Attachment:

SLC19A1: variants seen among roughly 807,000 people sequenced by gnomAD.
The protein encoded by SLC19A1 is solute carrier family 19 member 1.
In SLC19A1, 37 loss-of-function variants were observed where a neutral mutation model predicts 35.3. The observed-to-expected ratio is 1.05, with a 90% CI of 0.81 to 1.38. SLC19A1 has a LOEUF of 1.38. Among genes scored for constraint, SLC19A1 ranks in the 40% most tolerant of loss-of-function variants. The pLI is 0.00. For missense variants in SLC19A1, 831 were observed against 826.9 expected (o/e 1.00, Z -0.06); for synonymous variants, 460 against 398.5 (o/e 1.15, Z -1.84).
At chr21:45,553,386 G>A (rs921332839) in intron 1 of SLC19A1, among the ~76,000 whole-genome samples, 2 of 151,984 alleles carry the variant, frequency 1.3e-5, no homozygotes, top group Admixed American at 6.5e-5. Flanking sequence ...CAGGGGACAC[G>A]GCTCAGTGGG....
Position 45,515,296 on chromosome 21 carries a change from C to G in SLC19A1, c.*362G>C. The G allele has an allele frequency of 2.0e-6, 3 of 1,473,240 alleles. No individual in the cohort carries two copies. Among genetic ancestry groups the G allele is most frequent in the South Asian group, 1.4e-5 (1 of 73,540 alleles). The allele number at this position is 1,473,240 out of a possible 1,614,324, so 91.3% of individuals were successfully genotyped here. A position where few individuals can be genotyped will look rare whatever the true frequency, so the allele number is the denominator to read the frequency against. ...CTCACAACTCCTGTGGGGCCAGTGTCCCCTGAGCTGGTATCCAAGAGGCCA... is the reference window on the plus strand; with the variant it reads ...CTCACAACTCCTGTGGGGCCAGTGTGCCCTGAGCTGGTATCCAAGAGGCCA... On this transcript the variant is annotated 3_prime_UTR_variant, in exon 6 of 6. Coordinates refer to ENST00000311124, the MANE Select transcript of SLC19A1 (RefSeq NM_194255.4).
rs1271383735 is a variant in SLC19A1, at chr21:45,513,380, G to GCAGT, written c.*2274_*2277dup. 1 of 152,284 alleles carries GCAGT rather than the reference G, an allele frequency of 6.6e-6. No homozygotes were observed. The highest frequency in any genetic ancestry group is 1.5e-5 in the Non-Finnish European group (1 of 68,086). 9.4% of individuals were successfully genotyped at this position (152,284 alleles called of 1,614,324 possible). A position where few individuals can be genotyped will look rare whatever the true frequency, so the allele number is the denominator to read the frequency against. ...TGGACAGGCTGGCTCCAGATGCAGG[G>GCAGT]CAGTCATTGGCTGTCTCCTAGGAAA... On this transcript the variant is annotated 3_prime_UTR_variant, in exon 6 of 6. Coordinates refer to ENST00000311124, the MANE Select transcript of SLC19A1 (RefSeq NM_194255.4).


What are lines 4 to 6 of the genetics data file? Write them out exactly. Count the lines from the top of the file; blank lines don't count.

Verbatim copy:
At chr21:45,553,386 G>A (rs921332839) in intron 1 of SLC19A1, among the ~76,000 whole-genome samples, 2 of 151,984 alleles carry the variant, frequency 1.3e-5, no homozygotes, top group Admixed American at 6.5e-5. Flanking sequence ...CAGGGGACAC[G>A]GCTCAGTGGG....
Position 45,515,296 on chromosome 21 carries a change from C to G in SLC19A1, c.*362G>C. The G allele has an allele frequency of 2.0e-6, 3 of 1,473,240 alleles. No individual in the cohort carries two copies. Among genetic ancestry groups the G allele is most frequent in the South Asian group, 1.4e-5 (1 of 73,540 alleles). The allele number at this position is 1,473,240 out of a possible 1,614,324, so 91.3% of individuals were successfully genotyped here. A position where few individuals can be genotyped will look rare whatever the true frequency, so the allele number is the denominator to read the frequency against. ...CTCACAACTCCTGTGGGGCCAGTGTCCCCTGAGCTGGTATCCAAGAGGCCA... is the reference window on the plus strand; with the variant it reads ...CTCACAACTCCTGTGGGGCCAGTGTGCCCTGAGCTGGTATCCAAGAGGCCA... On this transcript the variant is annotated 3_prime_UTR_variant, in exon 6 of 6. Coordinates refer to ENST00000311124, the MANE Select transcript of SLC19A1 (RefSeq NM_194255.4).
rs1271383735 is a variant in SLC19A1, at chr21:45,513,380, G to GCAGT, written c.*2274_*2277dup. 1 of 152,284 alleles carries GCAGT rather than the reference G, an allele frequency of 6.6e-6. No homozygotes were observed. The highest frequency in any genetic ancestry group is 1.5e-5 in the Non-Finnish European group (1 of 68,086). 9.4% of individuals were successfully genotyped at this position (152,284 alleles called of 1,614,324 possible). A position where few individuals can be genotyped will look rare whatever the true frequency, so the allele number is the denominator to read the frequency against. ...TGGACAGGCTGGCTCCAGATGCAGG[G>GCAGT]CAGTCATTGGCTGTCTCCTAGGAAA... On this transcript the variant is annotated 3_prime_UTR_variant, in exon 6 of 6. Coordinates refer to ENST00000311124, the MANE Select transcript of SLC19A1 (RefSeq NM_194255.4).